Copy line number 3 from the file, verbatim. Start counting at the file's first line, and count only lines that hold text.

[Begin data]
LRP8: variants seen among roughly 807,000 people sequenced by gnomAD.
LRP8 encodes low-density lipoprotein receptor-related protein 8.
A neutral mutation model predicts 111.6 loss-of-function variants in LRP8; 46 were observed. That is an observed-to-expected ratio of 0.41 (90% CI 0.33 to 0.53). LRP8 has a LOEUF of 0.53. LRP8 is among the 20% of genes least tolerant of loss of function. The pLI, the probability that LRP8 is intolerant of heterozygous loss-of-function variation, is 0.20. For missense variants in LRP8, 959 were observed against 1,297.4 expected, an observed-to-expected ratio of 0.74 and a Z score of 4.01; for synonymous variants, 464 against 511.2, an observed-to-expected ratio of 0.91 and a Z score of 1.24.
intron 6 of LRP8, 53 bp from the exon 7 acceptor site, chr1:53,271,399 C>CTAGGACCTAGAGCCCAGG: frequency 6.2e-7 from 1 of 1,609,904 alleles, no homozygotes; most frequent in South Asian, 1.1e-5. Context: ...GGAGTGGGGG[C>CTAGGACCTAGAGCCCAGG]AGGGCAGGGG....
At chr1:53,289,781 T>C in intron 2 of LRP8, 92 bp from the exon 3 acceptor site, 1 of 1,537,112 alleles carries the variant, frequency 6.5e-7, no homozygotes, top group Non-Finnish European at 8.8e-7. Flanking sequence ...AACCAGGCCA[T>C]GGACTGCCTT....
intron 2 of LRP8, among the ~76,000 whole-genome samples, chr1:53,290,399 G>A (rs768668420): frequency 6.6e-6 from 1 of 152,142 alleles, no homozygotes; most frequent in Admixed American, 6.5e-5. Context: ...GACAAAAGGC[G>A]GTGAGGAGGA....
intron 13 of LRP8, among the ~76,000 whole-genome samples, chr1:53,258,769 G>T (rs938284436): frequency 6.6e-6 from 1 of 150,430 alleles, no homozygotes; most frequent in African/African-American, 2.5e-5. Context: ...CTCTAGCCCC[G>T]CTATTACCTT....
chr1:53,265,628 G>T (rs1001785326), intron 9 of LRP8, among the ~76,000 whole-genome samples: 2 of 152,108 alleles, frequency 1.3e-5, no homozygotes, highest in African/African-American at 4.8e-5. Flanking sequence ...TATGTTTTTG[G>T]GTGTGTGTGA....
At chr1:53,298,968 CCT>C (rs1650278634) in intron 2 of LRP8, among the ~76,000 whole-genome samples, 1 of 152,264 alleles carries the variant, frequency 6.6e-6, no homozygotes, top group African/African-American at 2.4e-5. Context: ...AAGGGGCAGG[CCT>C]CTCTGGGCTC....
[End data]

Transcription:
A neutral mutation model predicts 111.6 loss-of-function variants in LRP8; 46 were observed. That is an observed-to-expected ratio of 0.41 (90% CI 0.33 to 0.53). LRP8 has a LOEUF of 0.53. LRP8 is among the 20% of genes least tolerant of loss of function. The pLI, the probability that LRP8 is intolerant of heterozygous loss-of-function variation, is 0.20. For missense variants in LRP8, 959 were observed against 1,297.4 expected, an observed-to-expected ratio of 0.74 and a Z score of 4.01; for synonymous variants, 464 against 511.2, an observed-to-expected ratio of 0.91 and a Z score of 1.24.